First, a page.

In truth, exceptionally talented and dedicated people in any field, from carpentry through socialist politics to singing, may seem off-beat to a conformist majority. But many talented and pioneering mathematicians have been calm, affable people in their everyday life. And mathematical “genius”, like “genius” in carpentry, is only an extension and honing-by-practice of talents available in some measure or other to everyone.

The real Turing was not a stereotype tortured genius. According to his sympathetic biographer Andrew Hodges, he was habitually dishevelled, and “sometimes halting in speech and awkward of manner”, but had many friends.

The film’s presentation of Turing’s supposed fixation on machines is compiled from two sources. After World War 2 (that is, after the main period covered by the film), Turing pondered the question of whether machines could “think”. In a 1950 article (Computing machinery and intelligence, in the journal Mind), he proposed the “Turing Test”, namely to have humans question both the computer and a human and see if they could distinguish.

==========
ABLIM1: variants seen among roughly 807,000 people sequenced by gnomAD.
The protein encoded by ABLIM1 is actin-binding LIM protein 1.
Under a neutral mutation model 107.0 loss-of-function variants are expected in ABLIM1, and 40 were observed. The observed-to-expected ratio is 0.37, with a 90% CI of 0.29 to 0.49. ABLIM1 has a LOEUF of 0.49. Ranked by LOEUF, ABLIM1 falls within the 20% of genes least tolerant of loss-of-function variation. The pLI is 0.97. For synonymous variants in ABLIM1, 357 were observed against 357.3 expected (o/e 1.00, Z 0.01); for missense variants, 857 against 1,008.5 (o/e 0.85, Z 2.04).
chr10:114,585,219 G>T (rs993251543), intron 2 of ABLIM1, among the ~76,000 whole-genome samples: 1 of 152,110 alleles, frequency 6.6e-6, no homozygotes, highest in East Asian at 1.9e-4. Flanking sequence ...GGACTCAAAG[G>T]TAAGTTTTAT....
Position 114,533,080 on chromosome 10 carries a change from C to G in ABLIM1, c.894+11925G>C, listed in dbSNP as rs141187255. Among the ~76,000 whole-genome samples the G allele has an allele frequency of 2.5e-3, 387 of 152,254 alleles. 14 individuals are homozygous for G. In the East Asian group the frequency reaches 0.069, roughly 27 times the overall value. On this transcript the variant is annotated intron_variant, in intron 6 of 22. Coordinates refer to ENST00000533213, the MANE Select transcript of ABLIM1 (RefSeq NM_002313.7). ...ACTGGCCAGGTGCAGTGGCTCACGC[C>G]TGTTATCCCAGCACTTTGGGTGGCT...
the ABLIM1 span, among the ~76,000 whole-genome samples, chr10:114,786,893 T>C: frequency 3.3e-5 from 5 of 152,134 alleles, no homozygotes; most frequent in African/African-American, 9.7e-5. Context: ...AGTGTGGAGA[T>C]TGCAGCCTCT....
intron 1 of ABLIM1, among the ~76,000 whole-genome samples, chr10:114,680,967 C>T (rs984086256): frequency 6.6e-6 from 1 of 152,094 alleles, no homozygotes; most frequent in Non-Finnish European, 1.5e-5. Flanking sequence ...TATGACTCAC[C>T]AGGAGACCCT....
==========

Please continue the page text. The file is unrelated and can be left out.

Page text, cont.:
Turing’s own opinion in 1950 was that: “in about fifty years’ time it will be possible, to programme computers, with a storage capacity of about 109, to make them play the imitation game so well that an average interrogator will not have more than 70 per cent chance of making the right identification after five minutes of questioning. The original question, ‘Can machines think?’ I believe to be too meaningless to deserve discussion. Nevertheless I believe that at the end of the century the use of words and general educated opinion will have altered so much that one will be able to speak of machines thinking without expecting to be contradicted”.

Earlier this year some researchers claimed (controversially) to have done the first successful Turing Test. Arguably Turing was just jumping ahead too far. But in any case his argument was not at all that machines could do everything; and it was an argument he developed after the main period covered by the film, not one which shaped his actions in that period.

The film talks of the “Universal Turing Machine”, a concept coined by Turing in 1936-7 to describe, essentially, the common-core functioning of digital computers (which had not yet been invented), as if the term “universal” implied a claim that those machines could do everything.


On the contrary: Turing’s work in the 1930s, together with that of Alonzo Church and Kurt Gödel, showed two things. First, that all computers would have essentially the same range of competence. A quicker and bigger computer, better programmed, can do larger calculations, and maybe fast where a smaller one would be impossibly slow, but essentially it does the same sort of calculations.